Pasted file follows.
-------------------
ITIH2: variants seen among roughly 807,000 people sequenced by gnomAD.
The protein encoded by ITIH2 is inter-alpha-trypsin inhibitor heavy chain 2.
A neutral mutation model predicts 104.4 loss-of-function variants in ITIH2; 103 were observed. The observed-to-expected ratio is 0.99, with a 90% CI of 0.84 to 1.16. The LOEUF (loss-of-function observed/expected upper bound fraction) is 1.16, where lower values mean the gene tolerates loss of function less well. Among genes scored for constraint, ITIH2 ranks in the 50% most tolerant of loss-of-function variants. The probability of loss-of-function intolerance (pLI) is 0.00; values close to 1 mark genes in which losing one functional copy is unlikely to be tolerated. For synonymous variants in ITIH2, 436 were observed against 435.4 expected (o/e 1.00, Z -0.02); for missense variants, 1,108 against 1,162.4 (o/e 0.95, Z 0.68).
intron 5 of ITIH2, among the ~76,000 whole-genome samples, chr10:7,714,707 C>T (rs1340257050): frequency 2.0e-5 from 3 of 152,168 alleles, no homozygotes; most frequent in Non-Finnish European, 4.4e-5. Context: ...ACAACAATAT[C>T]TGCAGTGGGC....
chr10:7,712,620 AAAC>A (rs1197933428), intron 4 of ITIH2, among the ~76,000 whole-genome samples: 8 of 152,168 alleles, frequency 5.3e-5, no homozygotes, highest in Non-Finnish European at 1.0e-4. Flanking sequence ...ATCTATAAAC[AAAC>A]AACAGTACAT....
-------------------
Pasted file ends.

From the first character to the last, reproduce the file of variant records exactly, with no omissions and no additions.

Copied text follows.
ITIH2: variants seen among roughly 807,000 people sequenced by gnomAD.
The protein encoded by ITIH2 is inter-alpha-trypsin inhibitor heavy chain 2.
A neutral mutation model predicts 104.4 loss-of-function variants in ITIH2; 103 were observed. The observed-to-expected ratio is 0.99, with a 90% CI of 0.84 to 1.16. The LOEUF (loss-of-function observed/expected upper bound fraction) is 1.16, where lower values mean the gene tolerates loss of function less well. Among genes scored for constraint, ITIH2 ranks in the 50% most tolerant of loss-of-function variants. The probability of loss-of-function intolerance (pLI) is 0.00; values close to 1 mark genes in which losing one functional copy is unlikely to be tolerated. For synonymous variants in ITIH2, 436 were observed against 435.4 expected (o/e 1.00, Z -0.02); for missense variants, 1,108 against 1,162.4 (o/e 0.95, Z 0.68).
intron 5 of ITIH2, among the ~76,000 whole-genome samples, chr10:7,714,707 C>T (rs1340257050): frequency 2.0e-5 from 3 of 152,168 alleles, no homozygotes; most frequent in Non-Finnish European, 4.4e-5. Context: ...ACAACAATAT[C>T]TGCAGTGGGC....
chr10:7,712,620 AAAC>A (rs1197933428), intron 4 of ITIH2, among the ~76,000 whole-genome samples: 8 of 152,168 alleles, frequency 5.3e-5, no homozygotes, highest in Non-Finnish European at 1.0e-4. Flanking sequence ...ATCTATAAAC[AAAC>A]AACAGTACAT....